So I left off Reno Part 1 talking about how terrible my table draw was. Now I'll tell you how that affected me throughout the tournament.
I decided that I would play tight, but "tight" is relative - the way I play tight someone else might consider loose. Unfortunately the cards I got didn't allow me to play as few hands as I would have liked.
Hands like suited connectors, suited one-gappers and small pairs were being dealt to me about three or four times per orbit and this early in the tourney there was no way I was ever going to fold those. Of course, with this tough table I never got away with any bluffing after missing the flop about 95% of the time.
I was close to even though because I had hit a straight and got paid off a little bit. Soon after that I played the one hand that bothered me a lot in the first two levels. David Pham limped, Jon Little limped, David Levy limped and it folded to me in the big blind where I looked down at 2-2.
I normally would just check. Late in the tournament I might make a huge raise, but once in a while I like to throw in a goofy little min-raise from the blinds. I just do this to enhance my image, take a little bit of control in the hand and build a bigger pot.
So I made it $100 and David Pham, the king of the goofy plays, limp re-raised to $400. It folded back to me and I was loving it because he was forcing me to play a big pot knowing I didn't want to. I knew he had a wide range in this spot, and I knew that he would fight hard to win the pot as he'd been doing just that the whole time he'd been at the table.
At this point I planned on giving up if I didn't flop a set, but I knew I'd get some decent money if I did. The flop was 6-4-K rainbow. I check and he bets $500.
I thought this bet was pretty weak and thought he could have easily missed the flop considering his range (I didn't put him on a pair pre-flop, but more like suited connectors or AK-AT type hands or random junk), so I called him.
The turn was a T and I checked fast. He bet $1,200 and I thought he was definitely trying to take me off the hand with some sort of turned draw. I thought Q-Js, 7-8s or A-Q were the most likely hands.
So I called again; the river was a 9, which totally sucked because it filled two of the three hands that I thought he might have. I checked and he bet $3k.
I thought for a couple of minutes, still trying to figure out if I should call and pray he had A-Q. I decided to fold and he later told me he had had A-Q. Who knows if he was telling the truth, but I wouldn't doubt it.
This was a situation where if I had called the river and was correct (if it came anything but a 9 or A, pretty much), it would have given me a huge confidence boost and the stack to continue to dominate the tournament. Sometimes, in tournament poker it only takes one sick play to get you on your way to a deep finish.
A bit after this I got moved to table one. I remember being happy because it was on the side of the room where all the bad players were. Unfortunately I once again had a horrible draw - Erik Seidel, Zach Hyman, ElkY, Jordan Rich and Shawn Buchanan (later to be replaced by Tim West).
I continued to miss everything and was soon down to about $3,600. I raised it with 7-7 with the intention of folding to an all-in. ElkY called on the button and the big blind called; the flop was 4-5-6 and I was left with no option but to move all-in.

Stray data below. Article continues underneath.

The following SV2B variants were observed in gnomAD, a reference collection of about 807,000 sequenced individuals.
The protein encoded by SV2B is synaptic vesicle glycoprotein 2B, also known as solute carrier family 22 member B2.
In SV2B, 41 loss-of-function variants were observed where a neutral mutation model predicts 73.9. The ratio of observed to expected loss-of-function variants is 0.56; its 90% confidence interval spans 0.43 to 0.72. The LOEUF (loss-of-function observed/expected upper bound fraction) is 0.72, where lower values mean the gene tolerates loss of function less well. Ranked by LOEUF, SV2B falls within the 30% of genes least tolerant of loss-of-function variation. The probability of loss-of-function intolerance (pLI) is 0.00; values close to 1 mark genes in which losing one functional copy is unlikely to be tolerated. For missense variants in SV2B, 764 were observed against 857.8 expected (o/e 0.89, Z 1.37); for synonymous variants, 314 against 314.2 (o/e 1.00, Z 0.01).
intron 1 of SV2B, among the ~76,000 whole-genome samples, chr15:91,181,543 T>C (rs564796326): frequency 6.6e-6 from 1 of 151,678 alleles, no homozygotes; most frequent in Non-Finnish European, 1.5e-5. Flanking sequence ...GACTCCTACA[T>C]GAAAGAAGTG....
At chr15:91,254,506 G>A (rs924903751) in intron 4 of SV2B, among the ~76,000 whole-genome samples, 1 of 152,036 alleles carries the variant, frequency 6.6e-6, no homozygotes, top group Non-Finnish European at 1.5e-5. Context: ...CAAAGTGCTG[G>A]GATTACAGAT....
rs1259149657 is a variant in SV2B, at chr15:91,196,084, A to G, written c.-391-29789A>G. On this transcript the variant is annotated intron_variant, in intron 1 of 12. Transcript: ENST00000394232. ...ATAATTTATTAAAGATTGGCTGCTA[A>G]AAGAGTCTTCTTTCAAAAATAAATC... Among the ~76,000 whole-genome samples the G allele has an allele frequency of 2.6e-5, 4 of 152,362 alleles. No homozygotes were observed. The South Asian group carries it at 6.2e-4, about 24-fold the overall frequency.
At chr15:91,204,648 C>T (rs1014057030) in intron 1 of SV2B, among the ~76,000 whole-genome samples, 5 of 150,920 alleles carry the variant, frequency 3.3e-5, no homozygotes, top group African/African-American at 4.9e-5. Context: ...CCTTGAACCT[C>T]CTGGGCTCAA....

ElkY called and had A-A. I hit a 3 on the turn and was back up to about $7,500.
After that I bluffed all three streets against some old guy who played really tight. Later I played a hand against ElkY where I called him pre-flop with 6-4s; the flop was T♦ 8♦-4x. He bet $1k; I made it $2,600; he called.
The turn was the J♦. He checked and I checked behind. The river was a 7, I believe, and he bet about $3,500. I looked at his stack and after giving it some pretend Hollywood, I put him in for $9k more. The bluff worked and I was suddenly up to about $24k.
After a while - I was raising a ton - I raised the third hand in a row from the hijack with A♦ Q♦. Seidel called me from the cut-off and we saw the flop heads-up. It came 7-9-4 rainbow with one diamond.
I pulled a move, which I rarely do, and just checked, thinking I would probably check/fold. He bet $500 which seemed weird and small to me. I decided to peel one off and reevaluate the turn, which as it happened was a 2 that put two spades on the board.
I check and he bets $1,300. Now I felt that this bet was too big and just like in the David Pham hand I really believed he had a draw. I called again and the river was a 9s, which filled a back-door flush and paired the top card. I checked and he bet $2,800.
Now I wasn't convinced that I had the best hand. J♠ T♠ was a likely hand, and the 6-8s was too. Of course at the same time that's a perfect card to bluff at if you have 6-8 of hearts.
I had a quick flashback about how I got pwned by David Pham and before my brain could convince me to stop, my hand was throwing in the chips. He turned over the 6♠ 8♠.
Remember how I said that sometimes one sick play can get you on the road to a deep finish? Well, one bad play can get you on the road to busting out just as quickly. Soon after the bad call on the river, I got sucked out on in a decent-sized pot. I misplayed KK, and lost a race.
And just like that I was on my computer booking a flight out. Of course it wasn't the outcome that I wanted, but that's the way of tournament poker.
For now, I don't know when I'll be playing another big tournament. It may very well not be until the World Series that I report about my results in another tournament. We'll see.
-- J.C. (www.JCAlvarado.com)
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